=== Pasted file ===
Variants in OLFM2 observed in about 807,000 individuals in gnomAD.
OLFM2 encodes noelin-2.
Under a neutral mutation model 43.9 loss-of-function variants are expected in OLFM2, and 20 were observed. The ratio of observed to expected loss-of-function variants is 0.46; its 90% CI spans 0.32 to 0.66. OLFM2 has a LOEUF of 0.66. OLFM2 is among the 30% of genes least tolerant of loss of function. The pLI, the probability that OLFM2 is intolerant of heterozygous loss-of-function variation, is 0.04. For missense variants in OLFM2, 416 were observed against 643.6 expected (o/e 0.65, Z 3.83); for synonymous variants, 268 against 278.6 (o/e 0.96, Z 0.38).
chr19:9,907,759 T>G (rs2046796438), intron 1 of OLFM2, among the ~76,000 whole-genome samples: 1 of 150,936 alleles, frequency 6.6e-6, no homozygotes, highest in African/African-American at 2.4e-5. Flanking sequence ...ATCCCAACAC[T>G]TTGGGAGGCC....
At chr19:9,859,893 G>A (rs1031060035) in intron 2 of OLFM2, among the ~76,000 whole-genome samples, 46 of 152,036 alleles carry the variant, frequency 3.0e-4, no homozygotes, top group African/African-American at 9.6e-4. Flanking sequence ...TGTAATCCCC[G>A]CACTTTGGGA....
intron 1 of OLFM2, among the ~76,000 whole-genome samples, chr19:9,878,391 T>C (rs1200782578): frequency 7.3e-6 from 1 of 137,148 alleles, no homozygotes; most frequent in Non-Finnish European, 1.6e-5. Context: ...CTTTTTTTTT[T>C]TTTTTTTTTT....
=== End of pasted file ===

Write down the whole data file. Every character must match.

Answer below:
Variants in OLFM2 observed in about 807,000 individuals in gnomAD.
OLFM2 encodes noelin-2.
Under a neutral mutation model 43.9 loss-of-function variants are expected in OLFM2, and 20 were observed. The ratio of observed to expected loss-of-function variants is 0.46; its 90% CI spans 0.32 to 0.66. OLFM2 has a LOEUF of 0.66. OLFM2 is among the 30% of genes least tolerant of loss of function. The pLI, the probability that OLFM2 is intolerant of heterozygous loss-of-function variation, is 0.04. For missense variants in OLFM2, 416 were observed against 643.6 expected (o/e 0.65, Z 3.83); for synonymous variants, 268 against 278.6 (o/e 0.96, Z 0.38).
chr19:9,907,759 T>G (rs2046796438), intron 1 of OLFM2, among the ~76,000 whole-genome samples: 1 of 150,936 alleles, frequency 6.6e-6, no homozygotes, highest in African/African-American at 2.4e-5. Flanking sequence ...ATCCCAACAC[T>G]TTGGGAGGCC....
At chr19:9,859,893 G>A (rs1031060035) in intron 2 of OLFM2, among the ~76,000 whole-genome samples, 46 of 152,036 alleles carry the variant, frequency 3.0e-4, no homozygotes, top group African/African-American at 9.6e-4. Flanking sequence ...TGTAATCCCC[G>A]CACTTTGGGA....
intron 1 of OLFM2, among the ~76,000 whole-genome samples, chr19:9,878,391 T>C (rs1200782578): frequency 7.3e-6 from 1 of 137,148 alleles, no homozygotes; most frequent in Non-Finnish European, 1.6e-5. Context: ...CTTTTTTTTT[T>C]TTTTTTTTTT....